HR Implications of hybrid working and embracing the future of work

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In many industries, organisations around the world are evolving to meet both the changing expectations of their people while meeting the needs of the business following the impact of the global pandemic. An unexpected catalyst for change, employers and employees fully embraced the power of technology - discovering that remote working can achieve enhanced productivity and a better work/life balance.

As the world moves towards a post-pandemic state, what does the future hold for a return to the workplace? Will hybrid working become the norm and what are the HR implications?

In the UK, RSM held an event on the topic of “Hybrid working and embracing the future of work”. As part of that webinar hosted by David Williams-Richardson, Hannah Gibson Patel, Senior HR Consultant and Candice Eaton Gaul, Diversity & Inclusion Leader from RSM International discussed some of the emerging themes from the HR implications of hybrid working. Below is a transcript of this discussion.

Hannah:  In the conversations I’ve been having with clients over the recent months, these are the key themes that are coming through and I’m joined here by Candice Eaton Gaul to talk through each of these themes.

Feedback & communication has been front and centre throughout the pandemic as we’ve needed to adapt to new ways of working almost overnight, but for HR this really needs to remain the primary focus to ensure that we bring everyone on the journey with us. At RSM we’ve been regularly surveying employees throughout the past 16-months to understand how our colleagues want to work in future, what’s working and what’s not, and the concerns that we may have around returning to the workplace.

From an organisational perspective, I don’t think it’s possible to over invest in communication during times of change and uncertainty. Once we’ve gathered employee sentiment, we then need to build it in to our decision making, and feedback across the organisation what we are hearing, what might be changing, and critically the rationale for our decisions. If we have arrived at the decision for employees to be in the office two or three days a week – on what basis are we making that decision – what is their purpose in being in the workplace? Using technology, such as online surveying tools, which we’ve been providing for clients, keeps the feedback loop short and following up with manager 1:1’s to ensure employees are heard is crucial.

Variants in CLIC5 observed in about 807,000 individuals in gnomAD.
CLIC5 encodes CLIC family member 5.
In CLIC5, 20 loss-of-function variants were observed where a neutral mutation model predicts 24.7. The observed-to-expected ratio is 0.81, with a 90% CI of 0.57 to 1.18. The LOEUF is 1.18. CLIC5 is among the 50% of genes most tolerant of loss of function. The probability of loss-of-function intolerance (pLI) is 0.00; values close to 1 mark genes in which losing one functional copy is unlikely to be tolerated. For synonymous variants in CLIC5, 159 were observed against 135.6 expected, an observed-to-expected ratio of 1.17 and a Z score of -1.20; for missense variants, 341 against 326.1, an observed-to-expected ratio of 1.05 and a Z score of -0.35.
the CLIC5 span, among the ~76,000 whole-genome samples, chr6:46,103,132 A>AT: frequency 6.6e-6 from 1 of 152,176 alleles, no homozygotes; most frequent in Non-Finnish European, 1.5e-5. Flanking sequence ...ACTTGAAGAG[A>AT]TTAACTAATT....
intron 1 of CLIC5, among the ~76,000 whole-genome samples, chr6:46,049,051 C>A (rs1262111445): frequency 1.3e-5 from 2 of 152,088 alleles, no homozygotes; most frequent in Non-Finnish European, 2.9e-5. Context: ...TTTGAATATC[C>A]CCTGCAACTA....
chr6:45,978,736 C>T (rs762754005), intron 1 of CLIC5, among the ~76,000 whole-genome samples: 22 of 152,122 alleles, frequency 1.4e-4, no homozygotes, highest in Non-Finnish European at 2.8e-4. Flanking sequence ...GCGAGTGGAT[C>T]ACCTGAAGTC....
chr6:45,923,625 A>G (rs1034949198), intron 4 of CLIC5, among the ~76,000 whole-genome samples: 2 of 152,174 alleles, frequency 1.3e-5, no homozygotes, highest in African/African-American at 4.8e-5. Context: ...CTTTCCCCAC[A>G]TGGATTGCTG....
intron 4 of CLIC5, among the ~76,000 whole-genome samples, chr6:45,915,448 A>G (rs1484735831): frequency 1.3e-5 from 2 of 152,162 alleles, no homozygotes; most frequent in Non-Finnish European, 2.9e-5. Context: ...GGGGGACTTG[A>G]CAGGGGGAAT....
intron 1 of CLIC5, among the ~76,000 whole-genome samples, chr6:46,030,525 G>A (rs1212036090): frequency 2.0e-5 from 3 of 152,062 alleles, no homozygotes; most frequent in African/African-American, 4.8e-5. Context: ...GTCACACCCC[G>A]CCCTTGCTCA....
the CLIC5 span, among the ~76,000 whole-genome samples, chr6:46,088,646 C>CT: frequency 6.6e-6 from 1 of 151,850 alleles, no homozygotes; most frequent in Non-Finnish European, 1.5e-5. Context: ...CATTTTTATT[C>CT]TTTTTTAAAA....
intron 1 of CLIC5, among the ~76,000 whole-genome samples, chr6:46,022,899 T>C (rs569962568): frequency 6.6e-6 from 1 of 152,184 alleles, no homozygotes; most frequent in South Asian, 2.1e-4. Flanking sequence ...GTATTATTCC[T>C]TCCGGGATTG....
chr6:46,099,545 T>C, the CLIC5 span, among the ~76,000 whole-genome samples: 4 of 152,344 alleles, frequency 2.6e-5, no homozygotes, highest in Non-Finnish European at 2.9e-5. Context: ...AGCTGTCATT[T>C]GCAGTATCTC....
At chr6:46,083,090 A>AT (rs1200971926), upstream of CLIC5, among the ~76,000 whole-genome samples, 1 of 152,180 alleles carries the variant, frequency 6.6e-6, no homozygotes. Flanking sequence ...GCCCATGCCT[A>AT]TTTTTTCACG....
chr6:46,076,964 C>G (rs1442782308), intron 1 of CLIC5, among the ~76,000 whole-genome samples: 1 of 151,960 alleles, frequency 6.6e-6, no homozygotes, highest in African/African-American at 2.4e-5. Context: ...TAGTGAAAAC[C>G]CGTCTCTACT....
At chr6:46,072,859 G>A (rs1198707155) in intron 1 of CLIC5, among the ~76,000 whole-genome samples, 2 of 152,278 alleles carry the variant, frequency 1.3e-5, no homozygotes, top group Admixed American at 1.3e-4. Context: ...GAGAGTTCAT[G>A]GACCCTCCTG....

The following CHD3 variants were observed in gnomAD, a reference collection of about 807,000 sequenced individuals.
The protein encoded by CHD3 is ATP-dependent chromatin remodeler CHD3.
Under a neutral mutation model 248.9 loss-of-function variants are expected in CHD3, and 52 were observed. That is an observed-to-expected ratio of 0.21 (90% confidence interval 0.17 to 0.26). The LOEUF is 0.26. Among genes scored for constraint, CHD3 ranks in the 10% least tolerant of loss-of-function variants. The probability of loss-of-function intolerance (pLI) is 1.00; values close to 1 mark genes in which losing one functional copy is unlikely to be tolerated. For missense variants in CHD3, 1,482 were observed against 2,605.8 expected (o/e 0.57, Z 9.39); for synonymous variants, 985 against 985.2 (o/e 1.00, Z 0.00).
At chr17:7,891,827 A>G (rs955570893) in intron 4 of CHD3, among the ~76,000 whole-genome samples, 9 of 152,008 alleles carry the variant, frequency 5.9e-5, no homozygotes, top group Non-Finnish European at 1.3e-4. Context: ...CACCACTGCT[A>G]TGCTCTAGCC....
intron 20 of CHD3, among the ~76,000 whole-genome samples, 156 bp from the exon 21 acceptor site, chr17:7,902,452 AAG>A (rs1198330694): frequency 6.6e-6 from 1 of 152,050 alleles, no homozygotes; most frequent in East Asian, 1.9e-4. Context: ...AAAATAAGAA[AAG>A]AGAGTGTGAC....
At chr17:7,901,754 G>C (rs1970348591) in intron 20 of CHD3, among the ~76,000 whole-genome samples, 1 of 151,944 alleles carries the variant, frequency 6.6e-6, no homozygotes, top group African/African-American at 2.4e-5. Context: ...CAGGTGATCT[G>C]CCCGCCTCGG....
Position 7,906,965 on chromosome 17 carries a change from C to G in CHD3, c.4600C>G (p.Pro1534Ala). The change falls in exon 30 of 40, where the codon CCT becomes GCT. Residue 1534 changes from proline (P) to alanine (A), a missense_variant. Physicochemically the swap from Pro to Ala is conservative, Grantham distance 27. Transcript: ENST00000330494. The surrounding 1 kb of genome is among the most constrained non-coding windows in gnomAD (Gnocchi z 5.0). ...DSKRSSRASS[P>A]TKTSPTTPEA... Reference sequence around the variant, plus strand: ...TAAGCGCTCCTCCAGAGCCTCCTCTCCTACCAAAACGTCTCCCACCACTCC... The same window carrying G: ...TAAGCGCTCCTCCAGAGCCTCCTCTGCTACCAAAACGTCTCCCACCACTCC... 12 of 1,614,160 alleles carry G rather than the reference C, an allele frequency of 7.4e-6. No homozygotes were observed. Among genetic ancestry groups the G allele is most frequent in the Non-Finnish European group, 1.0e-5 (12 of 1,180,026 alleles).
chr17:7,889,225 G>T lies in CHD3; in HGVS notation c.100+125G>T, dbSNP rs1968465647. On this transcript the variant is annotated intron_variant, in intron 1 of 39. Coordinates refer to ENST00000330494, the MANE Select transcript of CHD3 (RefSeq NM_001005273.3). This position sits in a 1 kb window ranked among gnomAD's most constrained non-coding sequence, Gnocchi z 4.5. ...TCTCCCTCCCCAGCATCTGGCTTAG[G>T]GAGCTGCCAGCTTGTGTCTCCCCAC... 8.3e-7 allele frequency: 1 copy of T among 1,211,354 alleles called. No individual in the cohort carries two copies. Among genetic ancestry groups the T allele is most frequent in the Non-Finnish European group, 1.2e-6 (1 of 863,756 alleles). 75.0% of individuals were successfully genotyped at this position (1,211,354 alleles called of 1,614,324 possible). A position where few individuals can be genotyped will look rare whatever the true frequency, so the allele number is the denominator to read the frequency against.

Candice, here in the UK we’ve seen a significant increase in job postings from pre-pandemic conditions, some people are also indicating we’re on the verge of a recruitment crisis – I guess the risk is that if we don’t get this right, our employees may vote with their feet in this buoyant candidate market?

Candice: Thank you Hannah, I am so pleased to be here and talk to you on this topic, and to start I can’t agree with you more that it’s not possible to over-invest in communication.

To answer your question, globally we are starting to see an increase in recruitment for specific roles, many of the roles that are opening up are those that require specialist experience and scarce skill sets.

The success of the ability to work remotely has opened up those scarce skills roles to a much wider geographic region, and now, many multinationals are relooking at their strategies for top talent acquisition to specifically search a broader area, and this comes with the need to consider the HR, legal and tax consequences of hiring outside of the local environment.

Of course, this is also providing HR with a new Challenge as new competitors in the talent market begin to threaten retention, so redesign of purposeful retention planning is also on the increase.

Hannah: Which brings us on to the next focus of Wellbeing and Engagement – sadly and perhaps unsurprisingly mental health is worse this side of the pandemic than it was before – and it wasn’t good then!  Statistics indicate that 1 in 5 adults experienced some form of depression in early 2021; this figure has more than doubled compared to before the pandemic. Whilst we’ve seen some real wins from remote working such as more social and leisure time, being able to adjust our working day to fit our more natural rhythms or family schedules, it’s also brought some real challenges too, employees have found themselves, working longer hours, sometimes in far less than ideal environments, unable to switch off, and with constant screen fatigue as we jump from one virtual meeting to the next – so this is definitely a double-edged sword.